‘C’ EPC rating for energy efficiency. A noble target but are landlords paying a heavy price?

With the COP 26 underway in Glasgow and the world leaders attempting to put right what many are saying is our last chance to ensure we don’t head into a full-blown climate disaster. There is a lot of noise in our industry about the move towards a Carbon Neutral UK by 2050, one of the initiatives by the government is to make sure that all houses newly let by 2025 have an EPC rating of C and that continuously let houses have the same rating by 2028.

Whilst most agree this is the right direction to head in, landlords are left to pick up the bill. And some of these bills will be very large. If you are the landlord of a 2 up 2 down £450.00 a month let it makes no financial sense to spend potentially £thousands on a new boiler, windows and insulation.


Will there be financial support for upgrades?

The Green Homes Grants scheme was implemented to assist in this process but administration issues cut that short. It is likely we will see something similar in the future. Other than that, it is likely that we may see low-cost loans for landlords to ensure the targets are hit.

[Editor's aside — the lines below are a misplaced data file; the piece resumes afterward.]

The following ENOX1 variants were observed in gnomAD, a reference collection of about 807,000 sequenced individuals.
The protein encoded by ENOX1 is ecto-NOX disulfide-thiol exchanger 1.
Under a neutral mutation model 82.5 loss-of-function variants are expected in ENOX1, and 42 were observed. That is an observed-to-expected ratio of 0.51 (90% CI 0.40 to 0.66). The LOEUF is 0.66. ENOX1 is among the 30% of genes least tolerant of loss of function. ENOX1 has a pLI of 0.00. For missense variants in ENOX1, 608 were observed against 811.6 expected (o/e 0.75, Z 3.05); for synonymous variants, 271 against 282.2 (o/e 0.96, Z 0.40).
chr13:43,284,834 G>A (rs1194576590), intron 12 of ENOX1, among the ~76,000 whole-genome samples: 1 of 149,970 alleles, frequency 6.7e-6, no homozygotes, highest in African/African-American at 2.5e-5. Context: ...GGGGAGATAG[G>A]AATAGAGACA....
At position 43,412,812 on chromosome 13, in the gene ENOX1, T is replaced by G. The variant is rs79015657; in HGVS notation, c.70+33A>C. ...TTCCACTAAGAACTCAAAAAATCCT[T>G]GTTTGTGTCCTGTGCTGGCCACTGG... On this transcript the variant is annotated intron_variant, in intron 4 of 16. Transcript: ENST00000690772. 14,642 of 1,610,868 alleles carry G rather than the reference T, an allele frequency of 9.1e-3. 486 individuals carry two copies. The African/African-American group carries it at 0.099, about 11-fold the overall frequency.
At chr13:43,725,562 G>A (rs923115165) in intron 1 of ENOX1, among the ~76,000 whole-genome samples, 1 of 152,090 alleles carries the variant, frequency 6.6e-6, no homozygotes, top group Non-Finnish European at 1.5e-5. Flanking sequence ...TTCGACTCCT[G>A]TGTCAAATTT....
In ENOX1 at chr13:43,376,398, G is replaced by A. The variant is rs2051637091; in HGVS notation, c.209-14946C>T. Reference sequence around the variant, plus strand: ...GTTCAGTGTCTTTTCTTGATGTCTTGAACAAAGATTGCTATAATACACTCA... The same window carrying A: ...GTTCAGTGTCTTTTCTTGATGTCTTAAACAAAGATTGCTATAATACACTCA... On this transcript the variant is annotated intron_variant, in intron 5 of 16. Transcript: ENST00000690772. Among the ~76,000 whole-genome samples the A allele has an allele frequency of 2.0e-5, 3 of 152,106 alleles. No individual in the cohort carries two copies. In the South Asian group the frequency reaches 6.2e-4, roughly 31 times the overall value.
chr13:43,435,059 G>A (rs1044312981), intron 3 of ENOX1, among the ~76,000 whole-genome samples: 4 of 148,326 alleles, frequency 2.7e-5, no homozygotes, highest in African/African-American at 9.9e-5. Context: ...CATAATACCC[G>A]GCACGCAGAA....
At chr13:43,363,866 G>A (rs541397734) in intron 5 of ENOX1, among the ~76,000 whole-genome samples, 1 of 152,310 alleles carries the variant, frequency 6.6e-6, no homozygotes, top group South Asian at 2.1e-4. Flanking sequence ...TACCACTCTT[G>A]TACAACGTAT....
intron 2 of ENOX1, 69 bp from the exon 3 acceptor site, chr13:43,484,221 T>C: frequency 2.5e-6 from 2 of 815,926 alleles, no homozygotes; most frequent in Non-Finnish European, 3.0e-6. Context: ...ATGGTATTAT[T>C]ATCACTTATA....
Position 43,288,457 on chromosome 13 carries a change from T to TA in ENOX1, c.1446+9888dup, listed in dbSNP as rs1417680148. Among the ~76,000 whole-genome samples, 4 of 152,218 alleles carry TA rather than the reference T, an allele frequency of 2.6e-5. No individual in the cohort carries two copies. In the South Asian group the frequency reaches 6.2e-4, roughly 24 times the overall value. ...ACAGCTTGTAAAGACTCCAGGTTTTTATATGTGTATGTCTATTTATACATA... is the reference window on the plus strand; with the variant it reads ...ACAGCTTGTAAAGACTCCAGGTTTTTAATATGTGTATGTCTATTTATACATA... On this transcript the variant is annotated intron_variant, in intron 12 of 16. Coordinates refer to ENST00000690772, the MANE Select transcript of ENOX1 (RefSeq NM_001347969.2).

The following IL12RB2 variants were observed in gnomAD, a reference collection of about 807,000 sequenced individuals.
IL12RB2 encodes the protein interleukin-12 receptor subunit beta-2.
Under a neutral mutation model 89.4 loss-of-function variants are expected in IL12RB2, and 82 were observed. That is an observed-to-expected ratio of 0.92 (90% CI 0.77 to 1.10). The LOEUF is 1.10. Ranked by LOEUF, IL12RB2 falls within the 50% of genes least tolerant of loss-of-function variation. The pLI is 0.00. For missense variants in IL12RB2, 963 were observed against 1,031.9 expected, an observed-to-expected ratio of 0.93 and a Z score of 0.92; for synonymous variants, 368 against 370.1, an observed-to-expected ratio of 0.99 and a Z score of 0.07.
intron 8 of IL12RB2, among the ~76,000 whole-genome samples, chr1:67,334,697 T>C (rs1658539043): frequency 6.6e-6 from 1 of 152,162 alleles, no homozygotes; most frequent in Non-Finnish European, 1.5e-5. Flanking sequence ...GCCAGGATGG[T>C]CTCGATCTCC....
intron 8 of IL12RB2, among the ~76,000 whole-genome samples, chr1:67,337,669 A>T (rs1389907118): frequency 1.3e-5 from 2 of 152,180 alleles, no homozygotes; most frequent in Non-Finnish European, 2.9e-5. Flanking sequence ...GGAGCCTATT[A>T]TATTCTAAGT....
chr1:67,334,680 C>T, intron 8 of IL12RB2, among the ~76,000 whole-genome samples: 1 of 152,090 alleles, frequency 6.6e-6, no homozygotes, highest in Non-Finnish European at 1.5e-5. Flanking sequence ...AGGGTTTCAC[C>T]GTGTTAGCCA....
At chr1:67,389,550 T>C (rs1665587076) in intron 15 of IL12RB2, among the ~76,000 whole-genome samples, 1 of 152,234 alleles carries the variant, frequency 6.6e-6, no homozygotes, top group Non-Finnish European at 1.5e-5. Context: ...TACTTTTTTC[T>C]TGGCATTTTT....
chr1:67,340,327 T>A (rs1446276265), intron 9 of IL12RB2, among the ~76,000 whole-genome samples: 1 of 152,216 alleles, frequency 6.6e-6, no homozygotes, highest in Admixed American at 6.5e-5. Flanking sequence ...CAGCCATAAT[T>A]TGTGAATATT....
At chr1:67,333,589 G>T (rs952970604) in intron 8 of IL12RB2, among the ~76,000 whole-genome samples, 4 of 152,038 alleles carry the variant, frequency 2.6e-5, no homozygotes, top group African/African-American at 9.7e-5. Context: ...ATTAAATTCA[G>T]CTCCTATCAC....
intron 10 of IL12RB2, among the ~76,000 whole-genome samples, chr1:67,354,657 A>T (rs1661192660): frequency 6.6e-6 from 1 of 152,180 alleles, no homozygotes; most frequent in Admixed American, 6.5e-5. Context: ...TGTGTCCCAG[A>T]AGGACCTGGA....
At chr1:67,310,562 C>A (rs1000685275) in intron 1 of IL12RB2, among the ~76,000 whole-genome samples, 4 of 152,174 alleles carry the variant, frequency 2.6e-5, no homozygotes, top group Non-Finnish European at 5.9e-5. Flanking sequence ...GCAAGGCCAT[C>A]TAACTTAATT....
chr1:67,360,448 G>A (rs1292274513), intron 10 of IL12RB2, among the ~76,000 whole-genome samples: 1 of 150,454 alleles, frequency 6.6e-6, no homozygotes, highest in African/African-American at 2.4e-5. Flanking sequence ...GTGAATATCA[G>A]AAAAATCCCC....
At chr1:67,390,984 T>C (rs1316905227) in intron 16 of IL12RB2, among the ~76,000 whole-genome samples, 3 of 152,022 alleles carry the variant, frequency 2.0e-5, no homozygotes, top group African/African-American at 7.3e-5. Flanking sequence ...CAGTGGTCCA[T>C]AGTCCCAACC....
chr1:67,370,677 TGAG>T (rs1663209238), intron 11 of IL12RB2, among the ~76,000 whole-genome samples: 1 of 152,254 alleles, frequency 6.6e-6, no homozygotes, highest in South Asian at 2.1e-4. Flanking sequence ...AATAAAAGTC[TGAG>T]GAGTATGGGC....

The government may look to incentivise mortgage lenders to offer cheap finance to landlords that want to ensure their property moves into the C band. If the Minimum Energy Performance of Buildings Bill is passed it would require individual lenders to achieve an average EPC rating of ‘C’ across all the properties on their books by the end of 2030.

The government has too much political capital invested for the targets to be missed by a mile.


Are there any exemptions?

The bill currently says Landlords may not be forced to make the upgrades ‘if they meet the criteria for an affordability exemption’, but, this exemption has yet to be defined.

For owner-occupied properties, the bill says homeowners will be exempt if:

(a) An occupant or anyone else whose permission is needed for works needed to be carried out has explicitly refused such permission;

(b) It is not technically feasible to fulfil the duty; or

(c) The cost of carrying out works to fulfil the duty would exceed £20,000.


How do you know what needs to be done?

Check your EPC certificate. You will have one as a landlord and it will highlight areas for improvement. If the certificate is old then you should get it retested.

Having checked your EPC certificate or got it reissued will allow you to put a budget in place to make the necessary changes.


How will I know that the work carried out will meet the regulations?

Landlords are advised to choose companies that are:

  • Registered as a certified installer with TrustMark
  • Certified by a body that has been accredited by the United Kingdom Accreditation Service (UKAS)
  • Certified to install energy efficiency measures against one of the following Publicly Available Specification (PAS) standards:
  • PAS 2030:2017
  • PAS 2030:2019
  • PAS 2035:2019 (for park homes, high rise buildings and buildings that are both traditionally constructed and protected)
  • Certified under the Microgeneration Certification Scheme (MCS) to install low-carbon heat measures such as heat pumps

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